Warnings and messages 🤫

testthat edition 3 handles warnings and messages differently than edition 2: expect_warning() captures at most one warning, so if your code generates multiple warnings, they will bubble up now. Messages were previously silently ignored, now they also bubble up. That means the output may be a lot noisier after switching to edition 3. If the warnings or messages are important, you should explicitly capture them. Otherwise you can suppress them to clean up the output and make it easier to focus on what’s important. Again, the testthat article has good examples for how to do either.

Comparing things 🍎 🍊

The last big change from edition 2 to edition 3 that I want to mention is what is happening under the hood of expect_equal() and expect_identical(). Edition 3 uses waldo::compare() while edition 2 uses all.equal(). For the most part, that meant changing the argument name from tol to tolerance, like in my third commit above.

I did, however, run into a situation where a test newly failed. Those are the situations where general advice is hard because it depends so much on the context. In my case, I made use of the ignore_function_env and ignore_formula_env arguments to waldo::compare() to exclude those environments from the comparison. Those are probably useful to know about if you are upgrading a modelling package, but not particularly important otherwise. For dials and censored, that solved most of the cases. In one instance, I ended up tweaking the reference value based on theoretical considerations of the model I was dealing with rather than increasing the tolerance.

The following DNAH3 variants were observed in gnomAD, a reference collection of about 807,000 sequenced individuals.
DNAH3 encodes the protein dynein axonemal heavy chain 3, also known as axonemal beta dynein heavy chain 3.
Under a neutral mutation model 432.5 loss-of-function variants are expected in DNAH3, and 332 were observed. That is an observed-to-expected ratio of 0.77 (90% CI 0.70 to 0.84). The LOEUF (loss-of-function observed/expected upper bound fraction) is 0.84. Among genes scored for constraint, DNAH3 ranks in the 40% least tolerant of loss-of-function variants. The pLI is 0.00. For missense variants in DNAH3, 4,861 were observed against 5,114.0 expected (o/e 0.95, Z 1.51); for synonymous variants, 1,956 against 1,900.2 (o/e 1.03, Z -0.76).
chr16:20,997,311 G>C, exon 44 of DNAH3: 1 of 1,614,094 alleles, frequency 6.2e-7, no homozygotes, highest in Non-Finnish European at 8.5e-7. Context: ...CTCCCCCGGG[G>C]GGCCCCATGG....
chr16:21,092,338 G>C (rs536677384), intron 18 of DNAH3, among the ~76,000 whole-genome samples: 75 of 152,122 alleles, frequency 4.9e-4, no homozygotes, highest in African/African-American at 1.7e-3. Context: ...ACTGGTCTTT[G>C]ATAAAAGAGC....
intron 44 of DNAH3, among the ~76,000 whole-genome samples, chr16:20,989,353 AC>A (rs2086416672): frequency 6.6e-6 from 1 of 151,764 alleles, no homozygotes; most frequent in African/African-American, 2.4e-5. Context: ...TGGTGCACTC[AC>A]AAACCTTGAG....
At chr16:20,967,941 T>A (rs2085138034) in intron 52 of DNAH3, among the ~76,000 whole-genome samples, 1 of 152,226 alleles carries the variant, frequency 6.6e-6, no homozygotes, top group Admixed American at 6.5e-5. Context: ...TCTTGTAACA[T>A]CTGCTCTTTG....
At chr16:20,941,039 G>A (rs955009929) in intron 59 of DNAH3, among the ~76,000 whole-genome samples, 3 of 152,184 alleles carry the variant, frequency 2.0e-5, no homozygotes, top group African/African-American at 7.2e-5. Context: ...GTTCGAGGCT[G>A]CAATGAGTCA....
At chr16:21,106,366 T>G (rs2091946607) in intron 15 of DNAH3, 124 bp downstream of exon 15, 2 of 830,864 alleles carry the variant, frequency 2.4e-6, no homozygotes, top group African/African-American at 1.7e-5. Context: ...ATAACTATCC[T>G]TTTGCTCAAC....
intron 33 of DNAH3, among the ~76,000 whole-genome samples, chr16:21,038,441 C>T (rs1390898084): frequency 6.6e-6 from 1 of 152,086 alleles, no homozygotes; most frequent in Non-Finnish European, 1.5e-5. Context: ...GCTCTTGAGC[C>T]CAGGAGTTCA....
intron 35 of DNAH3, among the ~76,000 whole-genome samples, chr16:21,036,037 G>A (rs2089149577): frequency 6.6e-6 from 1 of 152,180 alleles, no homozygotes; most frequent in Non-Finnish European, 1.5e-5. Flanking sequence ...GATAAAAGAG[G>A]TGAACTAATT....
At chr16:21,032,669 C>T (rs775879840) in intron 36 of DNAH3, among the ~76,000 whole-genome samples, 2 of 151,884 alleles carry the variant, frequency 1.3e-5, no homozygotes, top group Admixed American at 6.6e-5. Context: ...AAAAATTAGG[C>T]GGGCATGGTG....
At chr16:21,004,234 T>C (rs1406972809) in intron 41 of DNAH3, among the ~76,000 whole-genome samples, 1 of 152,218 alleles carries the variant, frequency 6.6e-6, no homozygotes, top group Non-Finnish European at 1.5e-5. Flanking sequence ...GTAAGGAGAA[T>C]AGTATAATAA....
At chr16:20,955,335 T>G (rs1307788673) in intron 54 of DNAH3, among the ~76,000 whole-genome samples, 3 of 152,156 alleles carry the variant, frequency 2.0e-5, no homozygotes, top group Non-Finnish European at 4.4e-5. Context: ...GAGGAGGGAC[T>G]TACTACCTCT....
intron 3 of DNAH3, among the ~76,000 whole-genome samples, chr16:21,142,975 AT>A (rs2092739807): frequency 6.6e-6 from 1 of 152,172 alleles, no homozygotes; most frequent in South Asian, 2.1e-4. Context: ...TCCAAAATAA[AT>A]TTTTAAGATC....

Those instances may be the most work when upgrading to edition 3, but I did not encounter many of them – and, when I did, it was valuable to know about the differences (well, those which I didn’t choose to ignore).

More testing made easier

While I was going over all the test files, I also decided to cover a few other aspects.

Nested expectations

When Davis Vaughan moved other tidymodels packages to testthat 3e, I saw him disentangle nested expectations. For example, patterns like

expect_warning(expect_equal(one_call, another_call))

or

expect_equal(expect_warning(one_call), expect_warning(another_call))

can be re-written as

expect_snapshot({
    object_from_one_call <- one_call()
    object_from_another_call <- another_call()
})
expect_equal(object_from_one_call, object_from_another_call)

This separates an expectation about the warnings from the expectation about the value, making it easier to see which part(s) fail. Snapshots can also be particularly helpful in situations where you are trying to test for a combination of warnings, messages, and/or errors because they cover them all.